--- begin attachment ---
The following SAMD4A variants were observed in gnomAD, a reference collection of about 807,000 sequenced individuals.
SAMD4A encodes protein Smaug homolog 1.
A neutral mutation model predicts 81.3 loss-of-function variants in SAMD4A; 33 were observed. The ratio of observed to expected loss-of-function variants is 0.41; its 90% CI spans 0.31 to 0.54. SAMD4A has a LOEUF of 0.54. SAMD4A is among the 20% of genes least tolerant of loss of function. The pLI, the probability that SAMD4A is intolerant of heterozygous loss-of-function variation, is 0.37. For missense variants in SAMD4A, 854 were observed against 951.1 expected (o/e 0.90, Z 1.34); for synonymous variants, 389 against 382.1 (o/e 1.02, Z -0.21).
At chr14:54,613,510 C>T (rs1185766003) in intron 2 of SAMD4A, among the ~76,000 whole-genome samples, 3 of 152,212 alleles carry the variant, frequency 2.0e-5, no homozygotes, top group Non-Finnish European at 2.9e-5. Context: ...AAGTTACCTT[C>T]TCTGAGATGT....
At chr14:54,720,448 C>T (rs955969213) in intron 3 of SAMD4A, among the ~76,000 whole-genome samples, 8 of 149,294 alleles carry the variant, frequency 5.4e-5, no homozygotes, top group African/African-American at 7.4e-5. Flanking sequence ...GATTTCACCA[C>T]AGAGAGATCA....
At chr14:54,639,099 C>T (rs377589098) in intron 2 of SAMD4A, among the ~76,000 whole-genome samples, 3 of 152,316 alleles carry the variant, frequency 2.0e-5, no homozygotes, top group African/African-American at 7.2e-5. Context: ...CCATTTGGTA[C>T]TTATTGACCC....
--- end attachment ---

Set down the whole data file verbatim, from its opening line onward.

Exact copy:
The following SAMD4A variants were observed in gnomAD, a reference collection of about 807,000 sequenced individuals.
SAMD4A encodes protein Smaug homolog 1.
A neutral mutation model predicts 81.3 loss-of-function variants in SAMD4A; 33 were observed. The ratio of observed to expected loss-of-function variants is 0.41; its 90% CI spans 0.31 to 0.54. SAMD4A has a LOEUF of 0.54. SAMD4A is among the 20% of genes least tolerant of loss of function. The pLI, the probability that SAMD4A is intolerant of heterozygous loss-of-function variation, is 0.37. For missense variants in SAMD4A, 854 were observed against 951.1 expected (o/e 0.90, Z 1.34); for synonymous variants, 389 against 382.1 (o/e 1.02, Z -0.21).
At chr14:54,613,510 C>T (rs1185766003) in intron 2 of SAMD4A, among the ~76,000 whole-genome samples, 3 of 152,212 alleles carry the variant, frequency 2.0e-5, no homozygotes, top group Non-Finnish European at 2.9e-5. Context: ...AAGTTACCTT[C>T]TCTGAGATGT....
At chr14:54,720,448 C>T (rs955969213) in intron 3 of SAMD4A, among the ~76,000 whole-genome samples, 8 of 149,294 alleles carry the variant, frequency 5.4e-5, no homozygotes, top group African/African-American at 7.4e-5. Flanking sequence ...GATTTCACCA[C>T]AGAGAGATCA....
At chr14:54,639,099 C>T (rs377589098) in intron 2 of SAMD4A, among the ~76,000 whole-genome samples, 3 of 152,316 alleles carry the variant, frequency 2.0e-5, no homozygotes, top group African/African-American at 7.2e-5. Context: ...CCATTTGGTA[C>T]TTATTGACCC....